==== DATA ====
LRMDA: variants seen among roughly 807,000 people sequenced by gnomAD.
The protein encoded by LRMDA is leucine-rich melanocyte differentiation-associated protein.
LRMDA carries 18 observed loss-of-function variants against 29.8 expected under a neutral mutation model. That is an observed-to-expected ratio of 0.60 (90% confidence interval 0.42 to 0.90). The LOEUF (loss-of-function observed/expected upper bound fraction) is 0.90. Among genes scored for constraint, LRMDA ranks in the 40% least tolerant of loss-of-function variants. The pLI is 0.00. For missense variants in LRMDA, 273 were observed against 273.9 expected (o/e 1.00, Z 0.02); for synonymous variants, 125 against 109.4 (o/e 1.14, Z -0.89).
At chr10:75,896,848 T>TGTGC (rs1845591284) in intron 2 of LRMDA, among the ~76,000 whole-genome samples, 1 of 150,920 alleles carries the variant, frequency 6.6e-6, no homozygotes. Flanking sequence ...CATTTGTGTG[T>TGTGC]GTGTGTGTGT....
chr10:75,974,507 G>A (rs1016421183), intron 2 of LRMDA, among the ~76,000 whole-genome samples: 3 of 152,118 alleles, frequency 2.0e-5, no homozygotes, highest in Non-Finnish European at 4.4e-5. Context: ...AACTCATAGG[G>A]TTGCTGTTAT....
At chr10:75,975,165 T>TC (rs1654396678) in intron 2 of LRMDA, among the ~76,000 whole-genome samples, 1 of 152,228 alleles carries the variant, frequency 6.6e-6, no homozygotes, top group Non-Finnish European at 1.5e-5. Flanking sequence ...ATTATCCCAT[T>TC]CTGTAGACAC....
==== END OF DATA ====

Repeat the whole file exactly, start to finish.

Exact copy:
LRMDA: variants seen among roughly 807,000 people sequenced by gnomAD.
The protein encoded by LRMDA is leucine-rich melanocyte differentiation-associated protein.
LRMDA carries 18 observed loss-of-function variants against 29.8 expected under a neutral mutation model. That is an observed-to-expected ratio of 0.60 (90% confidence interval 0.42 to 0.90). The LOEUF (loss-of-function observed/expected upper bound fraction) is 0.90. Among genes scored for constraint, LRMDA ranks in the 40% least tolerant of loss-of-function variants. The pLI is 0.00. For missense variants in LRMDA, 273 were observed against 273.9 expected (o/e 1.00, Z 0.02); for synonymous variants, 125 against 109.4 (o/e 1.14, Z -0.89).
At chr10:75,896,848 T>TGTGC (rs1845591284) in intron 2 of LRMDA, among the ~76,000 whole-genome samples, 1 of 150,920 alleles carries the variant, frequency 6.6e-6, no homozygotes. Flanking sequence ...CATTTGTGTG[T>TGTGC]GTGTGTGTGT....
chr10:75,974,507 G>A (rs1016421183), intron 2 of LRMDA, among the ~76,000 whole-genome samples: 3 of 152,118 alleles, frequency 2.0e-5, no homozygotes, highest in Non-Finnish European at 4.4e-5. Context: ...AACTCATAGG[G>A]TTGCTGTTAT....
At chr10:75,975,165 T>TC (rs1654396678) in intron 2 of LRMDA, among the ~76,000 whole-genome samples, 1 of 152,228 alleles carries the variant, frequency 6.6e-6, no homozygotes, top group Non-Finnish European at 1.5e-5. Flanking sequence ...ATTATCCCAT[T>TC]CTGTAGACAC....